Here is the code that I put together. It uses the Adafruit BMP library coupled to “requests” to send to thingspeak.


#!/usr/bin/python
# Original Author : Tony DiCola of Adafruit
# With additions by hobbyistdave  www.hobbyspot.org
#
# Permission is hereby granted, free of charge, to any person obtaining a copy
# of this software and associated documentation files (the "Software"), to deal
# in the Software without restriction, including without limitation the rights
# to use, copy, modify, merge, publish, distribute, sublicense, and/or sell
# copies of the Software, and to permit persons to whom the Software is
# furnished to do so, subject to the following conditions:
#
# The above copyright notice and this permission notice shall be included in
# all copies or substantial portions of the Software.
#
# THE SOFTWARE IS PROVIDED "AS IS", WITHOUT WARRANTY OF ANY KIND, EXPRESS OR
# IMPLIED, INCLUDING BUT NOT LIMITED TO THE WARRANTIES OF MERCHANTABILITY,
# FITNESS FOR A PARTICULAR PURPOSE AND NONINFRINGEMENT. IN NO EVENT SHALL THE
# AUTHORS OR COPYRIGHT HOLDERS BE LIABLE FOR ANY CLAIM, DAMAGES OR OTHER
# LIABILITY, WHETHER IN AN ACTION OF CONTRACT, TORT OR OTHERWISE, ARISING FROM,
# OUT OF OR IN CONNECTION WITH THE SOFTWARE OR THE USE OR OTHER DEALINGS IN THE SOFTWARE.

# Can enable debug output by uncommenting:
#import logging
#logging.basicConfig(level=logging.DEBUG)

import Adafruit_BMP.BMP085 as BMP085
import smbus
import time
import requests  # HTTP for humans by Kenneth Reitz  docs.python-requests.org

# Default constructor will pick a default I2C bus.
#
sensor = BMP085.BMP085()

# You can also optionally change the BMP085 mode to one of BMP085_ULTRALOWPOWER,
# BMP085_STANDARD, BMP085_HIGHRES, or BMP085_ULTRAHIGHRES.  See the BMP085
# datasheet for more details on the meanings of each mode (accuracy and power
# consumption are primarily the differences).  The default mode is STANDARD.

#
sensor = BMP085.BMP085(mode=BMP085.BMP085_ULTRAHIGHRES)

# setup the info needed to send the results to thingspeak

thingspeakurl = "https://api.thingspeak.com/update"   # url for sending updates to thingspeak
apikey = "1234567890123456"     # add your own thingspeak api address for your channel
TempField = "field1"            # temperature field
PressField = "field2"           # pressure field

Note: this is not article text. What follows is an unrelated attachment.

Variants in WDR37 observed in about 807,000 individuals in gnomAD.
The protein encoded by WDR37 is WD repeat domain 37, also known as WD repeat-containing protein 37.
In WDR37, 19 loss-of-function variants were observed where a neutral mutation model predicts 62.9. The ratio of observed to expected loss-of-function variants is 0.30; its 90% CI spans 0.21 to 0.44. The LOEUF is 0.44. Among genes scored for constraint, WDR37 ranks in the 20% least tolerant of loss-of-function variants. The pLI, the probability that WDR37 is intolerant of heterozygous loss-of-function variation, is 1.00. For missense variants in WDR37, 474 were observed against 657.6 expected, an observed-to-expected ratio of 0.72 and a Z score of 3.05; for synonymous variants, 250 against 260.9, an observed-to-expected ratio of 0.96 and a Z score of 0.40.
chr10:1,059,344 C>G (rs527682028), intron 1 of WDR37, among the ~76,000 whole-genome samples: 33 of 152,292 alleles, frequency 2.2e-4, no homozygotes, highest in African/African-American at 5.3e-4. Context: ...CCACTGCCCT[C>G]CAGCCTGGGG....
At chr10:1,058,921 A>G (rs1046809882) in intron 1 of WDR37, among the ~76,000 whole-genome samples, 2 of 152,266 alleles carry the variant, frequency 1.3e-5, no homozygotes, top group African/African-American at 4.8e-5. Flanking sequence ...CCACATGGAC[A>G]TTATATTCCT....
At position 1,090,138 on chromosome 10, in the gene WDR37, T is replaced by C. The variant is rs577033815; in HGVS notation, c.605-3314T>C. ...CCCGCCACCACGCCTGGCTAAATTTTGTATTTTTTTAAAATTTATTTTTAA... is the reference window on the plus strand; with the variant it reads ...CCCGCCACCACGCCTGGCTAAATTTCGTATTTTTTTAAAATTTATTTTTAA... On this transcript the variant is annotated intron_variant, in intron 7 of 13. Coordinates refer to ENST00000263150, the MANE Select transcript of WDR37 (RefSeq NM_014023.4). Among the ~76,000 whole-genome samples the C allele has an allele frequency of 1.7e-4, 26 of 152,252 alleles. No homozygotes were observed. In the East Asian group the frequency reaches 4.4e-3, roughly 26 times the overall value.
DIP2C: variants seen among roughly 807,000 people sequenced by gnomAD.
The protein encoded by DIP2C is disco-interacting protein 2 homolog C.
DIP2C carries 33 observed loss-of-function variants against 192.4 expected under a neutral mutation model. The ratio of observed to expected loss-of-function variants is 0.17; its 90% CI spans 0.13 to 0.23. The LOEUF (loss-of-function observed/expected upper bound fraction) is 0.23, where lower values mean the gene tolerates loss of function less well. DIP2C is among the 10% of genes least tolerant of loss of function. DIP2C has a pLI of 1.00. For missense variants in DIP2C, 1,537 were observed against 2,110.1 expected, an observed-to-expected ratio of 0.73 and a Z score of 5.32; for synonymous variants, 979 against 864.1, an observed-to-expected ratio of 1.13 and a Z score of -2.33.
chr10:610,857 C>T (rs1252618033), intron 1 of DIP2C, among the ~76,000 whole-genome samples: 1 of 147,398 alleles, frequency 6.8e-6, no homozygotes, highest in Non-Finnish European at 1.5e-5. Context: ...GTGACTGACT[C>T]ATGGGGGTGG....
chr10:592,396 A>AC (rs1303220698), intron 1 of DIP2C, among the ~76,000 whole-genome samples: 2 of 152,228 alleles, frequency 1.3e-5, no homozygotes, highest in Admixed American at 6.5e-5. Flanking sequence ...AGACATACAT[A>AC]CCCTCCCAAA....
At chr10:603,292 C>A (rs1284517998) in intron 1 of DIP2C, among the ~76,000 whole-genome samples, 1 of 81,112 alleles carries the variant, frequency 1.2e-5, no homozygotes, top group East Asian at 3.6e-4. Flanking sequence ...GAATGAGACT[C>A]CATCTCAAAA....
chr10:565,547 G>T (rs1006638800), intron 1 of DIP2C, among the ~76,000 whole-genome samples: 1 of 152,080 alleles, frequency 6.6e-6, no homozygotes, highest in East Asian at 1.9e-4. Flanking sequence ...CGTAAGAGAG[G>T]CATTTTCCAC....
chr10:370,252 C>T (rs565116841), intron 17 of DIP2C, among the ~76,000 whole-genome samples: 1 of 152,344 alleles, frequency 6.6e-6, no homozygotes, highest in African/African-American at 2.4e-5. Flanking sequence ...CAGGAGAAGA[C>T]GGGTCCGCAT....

temperature = sensor.read_temperature()  # Note: fixed an error in the Adafruit module where it incorrectly divides by 10
pressure = sensor.read_pressure()

print " "
print "---------------------------------------------------------"
print "Time          ", time.ctime()
print "Epoch Seconds ", time.time()
print "Temperature   ", temperature
print "Pressure      ", pressure/ 100.
print " "
print "---------------------------------------------------------"
print " "
print "Time            Point  Temp    Pressure        Status    "
print "---------------------------------------------------------"
print " "

while True:

temperature = sensor.read_temperature()
pressure = sensor.read_pressure()

time.sleep(1)

url = thingspeakurl   # the thingsspeak url
payload = {'key' : apikey, 'field1' : temperature , 'field2' : pressure/ 100. }  # set up  the payload

try :
r = requests.get(url, params=payload)   # send the data to thingspeak
print time.time(), "  ", r.text, "   ", temperature ,"   ", pressure / 100.,"      ", r.status_code # print locally
except requests.exceptions as e :
print e # some simple error trapping to avoid the program timing out
except requests.exceptions.ConnectionError as e1 :
print e1 # some simple error trapping if the connection is lost

time.sleep(15) # thingspeak is set to ignore requests that come faster than every 15 seconds

# end of code

Locally on the RPi you get a print out of the temperature and pressure, timestamp, data point number and return code from the server… In the code you can see the apikey (put your own one in there).  The thingspeak website has great instructions for setting their end up.

The key code block shows the elegance of the  “requests” api for handling the http:


url = thingspeakurl   # the thingsspeak url
payload = {'key' : apikey, 'field1' : temperature , 'field2' : pressure/ 100. }  # set up  the payload
r = requests.get(url, params=payload)   # send the data to thingspeak

And published to the cloud you get:

temppandpressure

Which is what I was aiming to achieve.

Raspberry Pi and the ZX Spectrum

I only discovered the Raspberry Pi in late 2014 and was struck by the concept and also the history. The background of the founders really resonated. What happened in the late 70’s and early 80’s in the UK was that a whole generation of new engineers and computer scientists was inspired by easily accessible computers. This charge was led by the BBC with their educational programming, leading to the development of the BBC micro computer and its subsequent deployment into after school computer clubs. In parallel with this companies like Sinclair with their ZX81 and Spectrum made computing easily accessible to schoolkids at home. No longer was a single computer used for the whole class (I remember the single Research Machines 380Z we had at school), but instead individuals could use their own machine both at school and at home. This wave of experimenters did not have to be as hard core as previous generations and were enticed into a rewarding and fulfilling profession by their hobby. These students became the front end of the UK’s tech explosion and that heritage led to platforms like the ARM core that resides in so many smartphones. Indeed, Acorn the manufacturer of the BBC micro is the progenitor of ARM Holdings. The Raspberry Pi was intended to address the issue of technical skill among people entering Universities. In the 80’s and 90’s many of those entrants had been pretty experienced hobbyists, whereas in the 2000’s it appeared that they were more like computer users. So the Pi was intended to restart that trend.  What is interesting about the Raspberry Pi  though is that of the millions shipped it appears that most are in the hands of adult hobbyists… the schools part of the program is limited by both student interest and teaching resources whereas hobbyists have adopted it in droves.

The BBC micro computer I used was at school and I don’t have a photo, but in honour of the Pi here is a photo of my original ZX Spectrum. The 48K RAM version no less, costing 175 pounds back in 1982.

ZX Zpectrum

Spectrum1